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Jae-Do Park, Ph.D

  • Renewable Energy Harvester for Microbial Fuel Cells 
    Microbial fuel cell (MFC) is an emerging technology for sustainable energy production. However, the electric energy currently generated from MFCs is not directly usable due to the low voltage and current output. This research seeks to develop a steady and efficient energy harvesting technology for MFCs using power electronics switching converters. Dr. Park's projects have been sponsored by the National Science Foundation (NSF) and the U.S. Navy. A research outcome on MFC powered Christmas Tree has been featured in ABC news "Christmas Lights Powered By Poop Research At UC Denver Proves Viability Of Waste As Energy Source". [Link]
  • Power Management Systems for Thermoelectric Generators
    Thermoelectric generators (TEGs) have been actively investigated to use where long lifetime and high reliability are required. A TEG is a semi-conductor device that converts thermal energy to electrical energy without any mechanical moving part. It is small, light, reliable, and eco-friendly. This research focuses on harvesting efficiency improvement and energy management system development for wider usage of TEG as an energy source.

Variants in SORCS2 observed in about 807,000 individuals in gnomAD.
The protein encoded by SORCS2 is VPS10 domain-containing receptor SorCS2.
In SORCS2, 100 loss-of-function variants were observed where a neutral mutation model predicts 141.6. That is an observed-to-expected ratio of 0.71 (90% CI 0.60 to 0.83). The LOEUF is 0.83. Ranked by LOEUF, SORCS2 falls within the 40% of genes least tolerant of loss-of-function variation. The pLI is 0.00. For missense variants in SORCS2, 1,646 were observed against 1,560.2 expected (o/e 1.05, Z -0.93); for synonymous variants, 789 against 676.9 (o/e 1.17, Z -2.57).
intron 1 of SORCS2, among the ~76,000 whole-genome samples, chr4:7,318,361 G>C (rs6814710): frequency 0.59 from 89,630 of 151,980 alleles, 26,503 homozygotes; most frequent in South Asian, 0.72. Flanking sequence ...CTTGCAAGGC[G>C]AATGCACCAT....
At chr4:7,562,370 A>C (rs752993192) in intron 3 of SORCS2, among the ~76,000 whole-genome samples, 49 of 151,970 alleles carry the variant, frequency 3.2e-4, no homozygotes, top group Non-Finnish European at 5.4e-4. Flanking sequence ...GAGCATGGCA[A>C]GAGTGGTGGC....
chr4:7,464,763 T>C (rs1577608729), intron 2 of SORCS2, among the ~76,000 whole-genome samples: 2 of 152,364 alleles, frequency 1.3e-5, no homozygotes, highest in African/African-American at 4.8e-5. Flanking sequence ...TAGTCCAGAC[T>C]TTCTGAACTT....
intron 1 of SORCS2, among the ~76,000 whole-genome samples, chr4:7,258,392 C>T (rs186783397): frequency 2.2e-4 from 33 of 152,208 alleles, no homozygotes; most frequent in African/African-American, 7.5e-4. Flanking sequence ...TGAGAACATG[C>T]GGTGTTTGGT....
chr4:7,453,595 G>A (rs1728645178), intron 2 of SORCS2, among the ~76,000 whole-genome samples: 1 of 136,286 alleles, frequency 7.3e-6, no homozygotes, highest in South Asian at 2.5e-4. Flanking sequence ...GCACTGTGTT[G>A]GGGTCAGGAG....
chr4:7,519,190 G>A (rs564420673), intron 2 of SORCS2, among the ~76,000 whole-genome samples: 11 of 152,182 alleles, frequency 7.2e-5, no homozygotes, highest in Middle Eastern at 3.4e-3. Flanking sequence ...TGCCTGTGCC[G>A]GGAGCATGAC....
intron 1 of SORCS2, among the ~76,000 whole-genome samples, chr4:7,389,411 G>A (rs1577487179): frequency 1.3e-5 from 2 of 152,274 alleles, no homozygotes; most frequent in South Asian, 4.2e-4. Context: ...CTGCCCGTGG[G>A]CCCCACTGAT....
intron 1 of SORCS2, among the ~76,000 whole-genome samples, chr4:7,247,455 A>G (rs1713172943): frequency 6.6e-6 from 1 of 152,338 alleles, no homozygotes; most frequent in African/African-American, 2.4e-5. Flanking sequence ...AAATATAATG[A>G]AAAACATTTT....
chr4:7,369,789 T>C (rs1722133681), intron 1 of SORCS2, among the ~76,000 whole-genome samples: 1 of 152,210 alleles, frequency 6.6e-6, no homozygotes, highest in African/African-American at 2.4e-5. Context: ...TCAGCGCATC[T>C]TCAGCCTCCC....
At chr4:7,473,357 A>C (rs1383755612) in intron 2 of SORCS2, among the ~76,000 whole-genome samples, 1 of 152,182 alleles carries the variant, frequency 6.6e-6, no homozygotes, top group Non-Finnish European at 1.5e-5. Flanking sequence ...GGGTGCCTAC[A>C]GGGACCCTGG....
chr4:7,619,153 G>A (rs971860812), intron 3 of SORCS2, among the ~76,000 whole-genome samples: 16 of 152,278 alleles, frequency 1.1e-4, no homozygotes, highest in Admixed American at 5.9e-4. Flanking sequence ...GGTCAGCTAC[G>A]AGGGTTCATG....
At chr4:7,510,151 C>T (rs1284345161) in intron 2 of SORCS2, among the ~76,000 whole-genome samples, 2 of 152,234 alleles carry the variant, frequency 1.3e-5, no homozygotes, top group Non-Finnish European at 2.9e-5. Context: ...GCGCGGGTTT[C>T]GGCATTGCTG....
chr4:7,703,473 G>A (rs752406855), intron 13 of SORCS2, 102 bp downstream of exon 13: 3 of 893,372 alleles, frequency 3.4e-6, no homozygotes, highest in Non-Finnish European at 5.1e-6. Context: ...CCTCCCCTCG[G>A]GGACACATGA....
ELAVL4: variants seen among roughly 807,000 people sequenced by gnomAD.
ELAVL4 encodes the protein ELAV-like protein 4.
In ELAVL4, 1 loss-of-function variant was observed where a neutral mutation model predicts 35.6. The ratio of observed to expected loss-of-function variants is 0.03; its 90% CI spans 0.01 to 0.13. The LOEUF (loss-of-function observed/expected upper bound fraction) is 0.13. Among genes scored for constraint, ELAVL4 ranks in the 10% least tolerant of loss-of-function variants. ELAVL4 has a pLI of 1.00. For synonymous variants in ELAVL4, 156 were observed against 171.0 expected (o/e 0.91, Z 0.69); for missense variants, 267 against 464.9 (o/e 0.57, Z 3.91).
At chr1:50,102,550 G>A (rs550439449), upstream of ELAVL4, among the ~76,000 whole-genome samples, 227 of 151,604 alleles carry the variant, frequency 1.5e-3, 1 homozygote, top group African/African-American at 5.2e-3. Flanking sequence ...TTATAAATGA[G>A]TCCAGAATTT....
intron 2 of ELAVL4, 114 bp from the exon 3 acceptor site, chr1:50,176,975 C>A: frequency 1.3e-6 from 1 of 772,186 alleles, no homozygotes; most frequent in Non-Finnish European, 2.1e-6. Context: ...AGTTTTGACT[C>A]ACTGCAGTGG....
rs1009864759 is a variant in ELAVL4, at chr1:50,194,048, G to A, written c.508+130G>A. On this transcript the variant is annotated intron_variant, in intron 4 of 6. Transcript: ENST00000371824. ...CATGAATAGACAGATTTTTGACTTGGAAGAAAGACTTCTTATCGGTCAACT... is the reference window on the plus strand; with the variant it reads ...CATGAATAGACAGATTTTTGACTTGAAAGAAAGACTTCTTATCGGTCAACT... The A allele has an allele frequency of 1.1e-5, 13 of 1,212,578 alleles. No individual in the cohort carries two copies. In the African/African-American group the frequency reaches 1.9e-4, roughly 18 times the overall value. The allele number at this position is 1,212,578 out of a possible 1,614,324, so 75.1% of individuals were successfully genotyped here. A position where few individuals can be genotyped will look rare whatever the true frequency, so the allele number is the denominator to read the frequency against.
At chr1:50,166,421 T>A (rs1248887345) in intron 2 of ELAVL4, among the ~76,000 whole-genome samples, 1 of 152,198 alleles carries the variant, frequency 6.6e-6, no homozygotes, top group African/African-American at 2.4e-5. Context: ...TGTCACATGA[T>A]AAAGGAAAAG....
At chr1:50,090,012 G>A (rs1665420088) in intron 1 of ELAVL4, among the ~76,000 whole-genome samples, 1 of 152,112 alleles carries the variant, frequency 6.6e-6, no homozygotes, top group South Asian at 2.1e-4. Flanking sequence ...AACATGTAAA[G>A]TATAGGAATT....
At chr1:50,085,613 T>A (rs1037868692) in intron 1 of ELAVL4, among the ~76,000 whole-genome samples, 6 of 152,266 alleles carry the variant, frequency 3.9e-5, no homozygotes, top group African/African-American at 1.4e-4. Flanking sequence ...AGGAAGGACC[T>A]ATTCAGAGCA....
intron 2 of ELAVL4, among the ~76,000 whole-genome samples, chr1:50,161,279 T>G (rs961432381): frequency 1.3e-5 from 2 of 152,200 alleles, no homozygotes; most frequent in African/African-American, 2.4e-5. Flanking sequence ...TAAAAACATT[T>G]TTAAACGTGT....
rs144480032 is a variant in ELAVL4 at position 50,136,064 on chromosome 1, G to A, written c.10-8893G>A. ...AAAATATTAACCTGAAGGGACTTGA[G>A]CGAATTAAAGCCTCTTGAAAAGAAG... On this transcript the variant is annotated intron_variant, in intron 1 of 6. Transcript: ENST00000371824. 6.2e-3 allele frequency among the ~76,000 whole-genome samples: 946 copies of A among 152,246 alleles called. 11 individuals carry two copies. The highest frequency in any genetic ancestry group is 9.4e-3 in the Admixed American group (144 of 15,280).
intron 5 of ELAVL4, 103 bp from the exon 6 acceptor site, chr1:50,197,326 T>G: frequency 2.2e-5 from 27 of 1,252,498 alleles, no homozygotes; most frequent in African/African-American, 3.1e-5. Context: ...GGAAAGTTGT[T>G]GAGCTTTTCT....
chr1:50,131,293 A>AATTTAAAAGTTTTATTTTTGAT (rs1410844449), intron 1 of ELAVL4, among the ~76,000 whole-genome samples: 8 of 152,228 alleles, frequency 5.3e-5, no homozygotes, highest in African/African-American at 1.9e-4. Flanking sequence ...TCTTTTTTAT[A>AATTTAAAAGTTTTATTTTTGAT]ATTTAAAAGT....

• DC-Bus Microgrid System
    Distributed generation systems have recently been intensively researched and developed, especially in conjunction with renewable energy sources such as wind turbines and photovoltaic systems. As a way to realize the distributed generation system, a "microgrid" system that combines distributed energy sources and loads as a small-scale power system can be used. The microgrid approach reduces or eliminates central dispatch and enhances the power quality to sensitive loads. The research topics include control, integration, and optimization of individual microgrid components.
  • High-Speed Synchronous Generator Control for Microturbine
    Microturbine generator is one of the emerging technologies in power and energy field. A microturbine usually has permanent magnet synchronous generator connected to the gas turbine operating in very high-speed ranging from 50,000 to 100,000 rpm. This research investigates high-performance controller for microturbine synchronous generator.

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